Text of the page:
It was found that polymer 5b underwent facile cross-linking in aqueous media when treated with salts of di- or trivalent cations, such as calcium, copper, or aluminum. The amount of water-swelled, cross-linked polymer formed increased as the concentration of calcium chloride, copper chloride, copper sulfate, or aluminum acetate was increased. The markedly greater effectiveness of aluminum ion can be attributed to its trivalent character. In these studies, Cu2+ appeared to be a more effective cross-linking agent than Ca2+, perhaps because cupric ion has a higher preference for octahedral coordination than does the Ca2+ ion or because of the greater Lewis acidity of Cu2+ that results from its smaller radius. As a result, the cross-linking process can be understood in terms of "salt bridges" between the chains.
The hydrogels and membranes formed by this process were soft, highly swollen materials. An aluminum ion cross-linked example was found to contain 9.5 g of water for every 1 g of polymer.
The cross-linking process could be effected by immersion of solid films of polymer 5b into aqueous solutions of, for example, copper sulfate. Instead of dissolving, the polymer film swelled as water penetrated the matrix, but the swelling was limited by the diffusion of cupric ions into the polymer. Polymer 5b (100 mg, 0.31 mmol) was dissolved in dimethyl sulfoxide (5 mL). The solvent was removed slowly by evaporation in a dry casting chamber in order to form a uniform and thin film. The dried polymer was then immersed in a solution of copper sulfate (5 g) in 100 mL of water and allowed to swell to the maximum allowed by this cross-linking process. The film was removed from the copper sulfate solution and dried overnight under vacuum.
Ionically cross-linked gels formed by both processes were stable in acidic and neutral media. However, treatment with basic solutions of monovalent cations resulted in cleavage of the ionic cross-links and dissolution of the polymer. This occurred at pH 7.5 for systems cross-linked by Ca2+ or Cu2+ ions, but the Al3+ cross-linked systems required base strengths in excess of pH 9 before the polymer dissolved. Treatment of the Ca2+, Cu2+, and Al3+ cross-linked polymers with excess aqueous potassium chloride at pH 7.5 also resulted in cleavage of the ionic cross-links.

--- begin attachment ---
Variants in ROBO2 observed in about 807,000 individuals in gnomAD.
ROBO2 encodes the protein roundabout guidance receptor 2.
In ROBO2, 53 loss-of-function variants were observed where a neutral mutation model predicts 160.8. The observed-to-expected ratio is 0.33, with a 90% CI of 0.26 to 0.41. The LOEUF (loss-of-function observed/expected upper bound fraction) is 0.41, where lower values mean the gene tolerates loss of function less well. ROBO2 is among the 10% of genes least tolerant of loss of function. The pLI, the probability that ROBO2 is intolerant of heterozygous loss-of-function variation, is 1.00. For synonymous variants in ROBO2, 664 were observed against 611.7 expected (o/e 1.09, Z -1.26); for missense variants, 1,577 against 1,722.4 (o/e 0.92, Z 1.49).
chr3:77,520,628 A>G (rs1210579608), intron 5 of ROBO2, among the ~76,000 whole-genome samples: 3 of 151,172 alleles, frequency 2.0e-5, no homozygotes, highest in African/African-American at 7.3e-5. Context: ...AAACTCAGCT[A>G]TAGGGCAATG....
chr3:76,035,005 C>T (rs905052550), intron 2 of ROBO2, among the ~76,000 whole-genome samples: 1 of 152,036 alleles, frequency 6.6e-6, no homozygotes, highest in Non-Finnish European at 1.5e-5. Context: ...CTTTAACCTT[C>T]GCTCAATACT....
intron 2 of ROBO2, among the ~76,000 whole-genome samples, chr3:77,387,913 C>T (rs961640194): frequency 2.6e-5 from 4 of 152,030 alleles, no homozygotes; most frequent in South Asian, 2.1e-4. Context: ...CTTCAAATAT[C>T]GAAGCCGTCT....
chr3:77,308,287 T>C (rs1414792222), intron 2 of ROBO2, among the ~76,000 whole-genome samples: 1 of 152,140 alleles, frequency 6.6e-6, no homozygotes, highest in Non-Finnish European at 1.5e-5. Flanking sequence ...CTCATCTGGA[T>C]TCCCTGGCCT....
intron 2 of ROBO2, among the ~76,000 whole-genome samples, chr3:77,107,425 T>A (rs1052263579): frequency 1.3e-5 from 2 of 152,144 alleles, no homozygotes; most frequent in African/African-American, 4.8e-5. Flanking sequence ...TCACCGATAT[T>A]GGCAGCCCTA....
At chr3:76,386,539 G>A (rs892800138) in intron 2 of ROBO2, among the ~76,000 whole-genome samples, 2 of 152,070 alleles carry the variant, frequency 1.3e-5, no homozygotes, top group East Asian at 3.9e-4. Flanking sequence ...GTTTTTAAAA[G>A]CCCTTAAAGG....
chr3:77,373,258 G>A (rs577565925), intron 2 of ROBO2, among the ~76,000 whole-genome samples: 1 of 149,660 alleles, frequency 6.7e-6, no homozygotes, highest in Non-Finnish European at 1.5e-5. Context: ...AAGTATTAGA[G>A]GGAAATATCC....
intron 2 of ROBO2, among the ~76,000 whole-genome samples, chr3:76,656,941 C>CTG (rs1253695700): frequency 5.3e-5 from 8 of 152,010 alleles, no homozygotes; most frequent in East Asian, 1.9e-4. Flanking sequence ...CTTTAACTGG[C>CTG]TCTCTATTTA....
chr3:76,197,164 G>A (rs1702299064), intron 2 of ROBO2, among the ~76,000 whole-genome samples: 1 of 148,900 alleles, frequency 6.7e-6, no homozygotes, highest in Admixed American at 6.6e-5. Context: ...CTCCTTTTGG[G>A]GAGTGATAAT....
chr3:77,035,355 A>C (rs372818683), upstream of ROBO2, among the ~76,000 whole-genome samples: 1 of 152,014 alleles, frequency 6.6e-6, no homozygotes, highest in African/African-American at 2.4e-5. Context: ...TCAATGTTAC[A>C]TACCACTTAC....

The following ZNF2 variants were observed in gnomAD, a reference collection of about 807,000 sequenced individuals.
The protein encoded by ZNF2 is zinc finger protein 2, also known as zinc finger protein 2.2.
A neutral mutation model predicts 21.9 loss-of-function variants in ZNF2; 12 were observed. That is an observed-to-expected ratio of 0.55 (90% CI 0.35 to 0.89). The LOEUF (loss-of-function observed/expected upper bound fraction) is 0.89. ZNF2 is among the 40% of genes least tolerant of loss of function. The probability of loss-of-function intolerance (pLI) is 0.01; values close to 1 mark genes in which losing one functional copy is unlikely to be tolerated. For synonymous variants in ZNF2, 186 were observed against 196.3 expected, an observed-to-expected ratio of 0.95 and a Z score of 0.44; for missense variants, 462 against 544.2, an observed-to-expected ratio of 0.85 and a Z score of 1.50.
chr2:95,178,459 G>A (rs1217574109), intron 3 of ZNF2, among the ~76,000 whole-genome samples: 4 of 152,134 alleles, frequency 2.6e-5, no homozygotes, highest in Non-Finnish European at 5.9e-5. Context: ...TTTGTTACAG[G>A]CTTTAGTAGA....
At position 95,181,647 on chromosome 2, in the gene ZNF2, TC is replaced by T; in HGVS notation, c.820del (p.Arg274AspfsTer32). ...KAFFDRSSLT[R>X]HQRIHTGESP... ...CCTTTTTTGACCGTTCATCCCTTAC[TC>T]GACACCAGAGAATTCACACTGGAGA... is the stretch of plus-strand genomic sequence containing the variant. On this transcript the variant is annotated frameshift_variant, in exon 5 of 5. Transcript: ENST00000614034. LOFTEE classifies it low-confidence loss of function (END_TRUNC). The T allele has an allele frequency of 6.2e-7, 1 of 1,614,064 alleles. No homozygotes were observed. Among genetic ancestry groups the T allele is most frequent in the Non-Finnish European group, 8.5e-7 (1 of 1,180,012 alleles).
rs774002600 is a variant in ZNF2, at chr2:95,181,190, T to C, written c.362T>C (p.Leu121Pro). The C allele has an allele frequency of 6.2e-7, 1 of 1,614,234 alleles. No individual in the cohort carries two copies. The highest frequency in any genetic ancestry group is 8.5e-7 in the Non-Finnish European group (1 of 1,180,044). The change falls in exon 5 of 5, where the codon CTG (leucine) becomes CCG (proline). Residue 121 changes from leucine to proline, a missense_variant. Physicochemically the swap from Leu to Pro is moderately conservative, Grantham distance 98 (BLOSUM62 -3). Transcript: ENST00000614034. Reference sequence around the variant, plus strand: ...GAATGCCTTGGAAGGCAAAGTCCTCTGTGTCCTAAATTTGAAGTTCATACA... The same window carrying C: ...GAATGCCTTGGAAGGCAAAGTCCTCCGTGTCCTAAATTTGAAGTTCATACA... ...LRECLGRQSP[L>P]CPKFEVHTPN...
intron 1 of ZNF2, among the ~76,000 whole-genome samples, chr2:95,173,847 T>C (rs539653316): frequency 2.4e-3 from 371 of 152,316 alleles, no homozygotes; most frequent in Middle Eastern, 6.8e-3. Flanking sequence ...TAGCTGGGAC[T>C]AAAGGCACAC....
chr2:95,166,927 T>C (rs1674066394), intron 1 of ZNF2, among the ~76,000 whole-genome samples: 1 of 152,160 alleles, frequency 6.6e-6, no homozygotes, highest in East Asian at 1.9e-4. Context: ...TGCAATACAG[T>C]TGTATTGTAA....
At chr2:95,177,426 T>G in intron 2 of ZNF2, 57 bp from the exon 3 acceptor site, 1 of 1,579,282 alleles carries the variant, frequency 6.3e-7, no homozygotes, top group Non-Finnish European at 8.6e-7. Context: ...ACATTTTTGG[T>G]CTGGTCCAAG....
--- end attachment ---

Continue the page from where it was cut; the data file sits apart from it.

In a preferred embodiment of the method described herein, cation cross-linked polyphosphazene hydrogel microspheres incorporating biological materials were prepared. These were subsequently treated with poly(L-lysine) to form microcapsules having a semi-permeable surface membrane.
As shown in FIG. 1, poly[bis(carboxylatophenoxy)phosphazene] (PCPP) 4 was prepared by first synthesizing poly(dichlorophosphazene) 2 by thermal bulk polymerization of hexachlorocyclotriphosphazene 1. Chlorine atoms were then replaced by carboxylate ester-containing side groups, by reacting propyl p-hydroxybenzoate with 2, forming poly(aryloxy)phosphazene ester 3, followed by hydrolysis of ester groups to carboxylic acids 4. Although the earlier described ethyl ester of the polyphosphazene could also be used, the propyl ester of the polyphosphazene was preferred because it hydrolyzes to the carboxylic acid more readily.
PCPP was insoluble in acidic or neutral solvents but soluble in basis solutions e.g., sodium carbonate. The dissolution of 10% (w/v) PCPP in 30 mg/ml sodium carbonate caused a decrease in solution pH to 7.5-7.8, due to polymer deprotonation, enabling mild encapsulation. When Ca2+ was added to PCPP fast gelation occurred.